Local authorities are increasingly developing locally led plans to articulate how their area intends to reach net zero in heat, transport and power.
Having a plan has many benefits. Done well it helps to prioritise and coordinate action in a local area, gives a focus for funding, directs local planning and provides a tool for engagement to get residents and businesses aligned. It is also likely to be a key document for energy networks to establish what and when new infrastructure is going to be required.
However, there is a risk that the focus, and money, goes on gathering data and creating the ‘perfect’ plan, rather than where it is most needed – on bringing the key parties in an area together to take swift action on decarbonisation.
Regen has worked with many local authorities and regions to develop local net zero energy plans. Meanwhile, The Energy Systems Catapult have developed the Local Area Energy Plan (LAEP) methodology, with building blocks of effective data and strong stakeholder engagement, which is currently being piloted. So, what can we learn from the experiences of local energy plans to date?
A key challenge is how local authorities with limited time and resources can develop a comprehensive energy plan and keep it up to date in the face of a constantly evolving energy and climate landscape. In short, how can a local energy planning process be more agile?
‘Agile’ is a concept that recognises the value of iteration and incremental improvement. It came about through a recognition that people and organisations often don’t know what they want until they see it. In a linear development process, this could be too late. Instead, agile development allows for changes through the process, reducing the likelihood of significant and costly changes at the end of a project. The result is better for everyone, with happier clients and smoother development.
Producing DFES for electricity is an annual commitment by the Distribution Network Operators (DNOs) and supports local infrastructure planning. The scenarios provide a yearly view of how much generation and low carbon technologies are expected to be installed, under what scenario and where, and when. The data driven process helps the networks to forward network investment and funding.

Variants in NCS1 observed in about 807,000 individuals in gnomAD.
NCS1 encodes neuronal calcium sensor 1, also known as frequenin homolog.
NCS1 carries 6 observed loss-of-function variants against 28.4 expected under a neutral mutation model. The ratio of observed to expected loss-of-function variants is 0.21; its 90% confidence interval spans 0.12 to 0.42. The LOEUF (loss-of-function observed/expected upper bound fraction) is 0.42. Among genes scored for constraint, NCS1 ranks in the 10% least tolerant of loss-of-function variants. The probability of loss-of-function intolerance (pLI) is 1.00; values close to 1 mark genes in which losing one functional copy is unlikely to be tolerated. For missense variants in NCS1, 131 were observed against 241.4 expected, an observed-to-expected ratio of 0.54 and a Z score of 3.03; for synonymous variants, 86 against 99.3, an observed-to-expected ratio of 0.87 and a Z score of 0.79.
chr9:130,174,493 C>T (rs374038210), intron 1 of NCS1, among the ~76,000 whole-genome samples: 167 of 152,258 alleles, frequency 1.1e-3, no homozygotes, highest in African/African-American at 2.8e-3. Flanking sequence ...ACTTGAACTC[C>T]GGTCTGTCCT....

Regen have delivered DFES for both gas and electricity networks. To do this, we use as much local information as possible including local energy plans (where they exist) to reflect the local picture. Using more of this analysis in local authority plans could reduce the data gathering and crunching required by local government, freeing up time to focus on implementation and action.
Currently, however, there is a long way to go to bring local government energy plans and the energy networks scenario processes together. The reality is that the languages spoken on both sides are often incompatible with one another, necessitating a translation process. To start to address this, Regen have been working with Western Power Distribution and Wales and West Utilities on the EPIC project (Energy Planning integrated with Councils), which is attempting to do this for three areas in the West of England Combined Authority.
To aid this ‘coming together’ of the local and network plans, there are three things we need to see:
Firstly, a much greater emphasis on the relationship between local authorities and energy networks. This is improving and is now a core part of many DNOs’ future business plans.
Secondly, the development of a shared language between the two parties (networks and local councils), which we hope the EPIC project will begin to address.
National Grid’s Future Energy Scenarios (FES) provide a standard approach to take government policy and provide four decarbonisation pathways that the energy system can plan against. The DFES is based on this national approach. However, with the government publishing its Net Zero Strategy there is now a clearer path forward. We think it is time for FES to provide ‘net zero base cases’ with sensitivities, rather than scenarios, to reflect uncertainties. This would provide a better basis for dialogue between energy networks and local authorities.
An important part of a base case net zero pathway would be to make a clearer distinction between technologies that are available to install NOW (like heat pumps and offshore wind) and those that MAY be available at some point in the future (such as hydrogen for domestic heat or small modular reactors). We have accepted the false equivalence between technologies that exist in the market, and technologies that don’t, for too long.
With a ‘base case’ FES, DFES could essentially become a default ‘local energy plan lite’ for local authorities, providing a valuable strawman to stimulate discussion.
The most important thing, however, is to have an agile system whereby the energy planning process can be carried out quickly, reviewed annually and updated based on the latest information; and aligns with the ambitions of both local authorities and energy networks – to ensure we arrive at more sophisticated, locally led solutions.
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